FDA Leans On Device Makers To Cut X-Ray Doses For Kids | WAMU 88.5 - American University Radio

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FDA Leans On Device Makers To Cut X-Ray Doses For Kids

The Food and Drug Administration has a proposition for the companies that make X-ray machines.

Make sure your new equipment has settings and instructions that minimize radiation hazards for kids, or the agency will look to slap a label on the machines that recommends they not be used for children at all.

The agency proposed the approach today (details in the Federal Register); it's the latest move to curb radiation hazards from imaging equipment.

X-rays and CT scans can provide doctors with lots of useful information. But the radiation that creates the helpful images also increases a person's risk for cancer. There's been an explosion in the use of imaging tests. And rising radiation doses, particularly from CT scans, have drawn concern.

The cancer risk increases with the dose of X-rays received during a person's lifetime, so kids' exposure is particularly important. It's also the case that children are more sensitive to X-ray damage.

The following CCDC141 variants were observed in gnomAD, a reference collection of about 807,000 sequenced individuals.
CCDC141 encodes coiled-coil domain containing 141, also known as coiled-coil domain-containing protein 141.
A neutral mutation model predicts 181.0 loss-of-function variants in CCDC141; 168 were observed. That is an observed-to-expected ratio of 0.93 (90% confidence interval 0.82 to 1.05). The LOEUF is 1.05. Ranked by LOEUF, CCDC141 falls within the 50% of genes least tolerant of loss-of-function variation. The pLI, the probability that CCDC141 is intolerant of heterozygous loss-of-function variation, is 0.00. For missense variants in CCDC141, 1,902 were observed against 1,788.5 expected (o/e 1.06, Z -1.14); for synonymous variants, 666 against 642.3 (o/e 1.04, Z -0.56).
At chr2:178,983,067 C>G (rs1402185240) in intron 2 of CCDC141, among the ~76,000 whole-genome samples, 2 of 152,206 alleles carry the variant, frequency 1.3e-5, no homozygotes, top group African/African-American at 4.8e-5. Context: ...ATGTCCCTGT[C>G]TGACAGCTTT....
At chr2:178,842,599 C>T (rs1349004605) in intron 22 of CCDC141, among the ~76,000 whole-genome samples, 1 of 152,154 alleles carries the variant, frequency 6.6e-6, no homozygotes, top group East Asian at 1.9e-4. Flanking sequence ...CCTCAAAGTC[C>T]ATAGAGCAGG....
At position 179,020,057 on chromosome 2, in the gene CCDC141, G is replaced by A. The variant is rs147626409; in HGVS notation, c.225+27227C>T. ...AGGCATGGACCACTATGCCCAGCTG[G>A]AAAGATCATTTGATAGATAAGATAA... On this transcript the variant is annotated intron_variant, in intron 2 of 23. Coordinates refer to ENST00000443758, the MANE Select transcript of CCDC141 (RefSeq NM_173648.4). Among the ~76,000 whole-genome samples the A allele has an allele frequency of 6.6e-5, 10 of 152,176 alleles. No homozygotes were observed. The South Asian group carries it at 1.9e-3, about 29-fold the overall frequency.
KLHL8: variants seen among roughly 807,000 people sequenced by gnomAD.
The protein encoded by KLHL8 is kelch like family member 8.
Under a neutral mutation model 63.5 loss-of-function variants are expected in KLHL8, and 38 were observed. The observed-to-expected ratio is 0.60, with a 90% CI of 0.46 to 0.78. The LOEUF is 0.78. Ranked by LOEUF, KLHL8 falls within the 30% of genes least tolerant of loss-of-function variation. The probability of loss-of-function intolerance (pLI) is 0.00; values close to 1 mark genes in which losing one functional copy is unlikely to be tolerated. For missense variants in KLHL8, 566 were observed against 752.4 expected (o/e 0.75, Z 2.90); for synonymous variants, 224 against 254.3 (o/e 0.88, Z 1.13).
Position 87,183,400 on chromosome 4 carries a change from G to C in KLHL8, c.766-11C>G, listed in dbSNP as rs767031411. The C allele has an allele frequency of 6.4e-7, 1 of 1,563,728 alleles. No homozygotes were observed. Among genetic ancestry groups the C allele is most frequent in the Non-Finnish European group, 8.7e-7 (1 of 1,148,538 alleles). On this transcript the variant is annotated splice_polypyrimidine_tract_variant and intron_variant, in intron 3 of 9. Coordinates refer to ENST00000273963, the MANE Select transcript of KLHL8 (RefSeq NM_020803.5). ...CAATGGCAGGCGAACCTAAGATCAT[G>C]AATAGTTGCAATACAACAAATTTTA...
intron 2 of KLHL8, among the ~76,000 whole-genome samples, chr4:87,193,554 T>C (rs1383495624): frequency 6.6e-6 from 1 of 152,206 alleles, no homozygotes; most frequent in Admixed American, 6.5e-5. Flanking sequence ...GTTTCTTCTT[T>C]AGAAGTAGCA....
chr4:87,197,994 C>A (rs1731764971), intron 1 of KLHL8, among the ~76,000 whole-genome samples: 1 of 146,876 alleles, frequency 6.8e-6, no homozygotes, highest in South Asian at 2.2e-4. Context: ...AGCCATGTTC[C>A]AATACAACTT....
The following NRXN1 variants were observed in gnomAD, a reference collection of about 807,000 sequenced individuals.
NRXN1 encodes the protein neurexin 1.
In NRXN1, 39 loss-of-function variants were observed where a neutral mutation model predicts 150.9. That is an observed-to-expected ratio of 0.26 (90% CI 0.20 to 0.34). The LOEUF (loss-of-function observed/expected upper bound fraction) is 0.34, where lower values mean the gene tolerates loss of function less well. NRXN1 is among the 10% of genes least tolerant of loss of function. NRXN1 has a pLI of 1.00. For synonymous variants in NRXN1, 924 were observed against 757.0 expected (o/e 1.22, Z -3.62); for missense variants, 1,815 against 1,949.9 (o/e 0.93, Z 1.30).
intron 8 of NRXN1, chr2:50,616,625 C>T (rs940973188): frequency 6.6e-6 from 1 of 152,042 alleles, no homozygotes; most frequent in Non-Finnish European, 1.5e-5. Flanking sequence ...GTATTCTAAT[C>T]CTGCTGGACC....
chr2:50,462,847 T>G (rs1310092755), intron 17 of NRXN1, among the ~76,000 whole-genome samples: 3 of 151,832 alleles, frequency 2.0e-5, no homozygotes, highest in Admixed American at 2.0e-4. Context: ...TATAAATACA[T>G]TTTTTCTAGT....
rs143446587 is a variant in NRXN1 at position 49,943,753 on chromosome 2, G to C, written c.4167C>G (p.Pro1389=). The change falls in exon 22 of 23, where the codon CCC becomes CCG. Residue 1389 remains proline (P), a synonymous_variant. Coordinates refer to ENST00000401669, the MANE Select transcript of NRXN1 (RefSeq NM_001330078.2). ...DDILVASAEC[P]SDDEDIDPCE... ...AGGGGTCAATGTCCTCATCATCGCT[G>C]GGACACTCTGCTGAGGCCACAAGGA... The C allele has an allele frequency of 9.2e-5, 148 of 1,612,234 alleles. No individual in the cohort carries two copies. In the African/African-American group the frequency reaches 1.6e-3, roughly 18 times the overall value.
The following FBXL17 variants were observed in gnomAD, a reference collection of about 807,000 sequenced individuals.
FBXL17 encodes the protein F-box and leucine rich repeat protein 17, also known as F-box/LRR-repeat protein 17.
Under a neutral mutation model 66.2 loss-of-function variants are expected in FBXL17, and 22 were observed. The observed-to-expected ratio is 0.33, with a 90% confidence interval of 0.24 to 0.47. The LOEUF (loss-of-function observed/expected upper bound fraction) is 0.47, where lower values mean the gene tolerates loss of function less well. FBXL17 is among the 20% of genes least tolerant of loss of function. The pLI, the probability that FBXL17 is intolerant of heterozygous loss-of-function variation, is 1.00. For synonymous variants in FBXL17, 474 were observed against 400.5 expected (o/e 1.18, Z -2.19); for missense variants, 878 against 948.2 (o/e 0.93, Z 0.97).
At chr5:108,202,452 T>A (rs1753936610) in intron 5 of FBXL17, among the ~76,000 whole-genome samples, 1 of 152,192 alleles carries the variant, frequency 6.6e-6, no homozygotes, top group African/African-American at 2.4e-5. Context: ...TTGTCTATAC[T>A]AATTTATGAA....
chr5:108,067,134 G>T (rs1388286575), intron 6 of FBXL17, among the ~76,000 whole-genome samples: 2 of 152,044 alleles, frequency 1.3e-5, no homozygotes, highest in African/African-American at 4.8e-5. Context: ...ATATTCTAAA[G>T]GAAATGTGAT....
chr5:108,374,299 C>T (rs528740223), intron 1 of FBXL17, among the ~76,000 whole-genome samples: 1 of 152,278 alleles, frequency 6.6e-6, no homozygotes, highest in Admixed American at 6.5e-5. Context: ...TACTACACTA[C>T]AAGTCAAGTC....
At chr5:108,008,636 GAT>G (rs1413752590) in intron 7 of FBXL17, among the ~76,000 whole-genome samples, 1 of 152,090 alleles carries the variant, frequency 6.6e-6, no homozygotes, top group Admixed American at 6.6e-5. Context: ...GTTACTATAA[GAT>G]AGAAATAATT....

The FDA is also telling parents to speak up. If a doctor orders a test or procedure that uses X-rays, parents shouldn't be afraid to ask if it's really necessary. Also, it doesn't hurt to ask if there's an acceptable alternative, such as ultrasound or MRI, that doesn't rely on X-rays.

Even so, the agency doesn't want people to forgo needed X-rays. "The risk from a medically necessary imaging exam is quite small when compared to the benefit of accurate diagnosis or intervention," Dr. Jeffrey Shuren, head of FDA's Center for Devices and Radiological Health, said in a statement. "There is no reason for patients who need these exams to avoid them."

The agency scheduled a public meeting in July to talk about the proposal.

The Medical Imaging & Techonology Alliance, a trade group, said it looks forward to commenting on the FDA's proposal and working with the agency.

Copyright 2012 National Public Radio. To see more, visit http://www.npr.org/.

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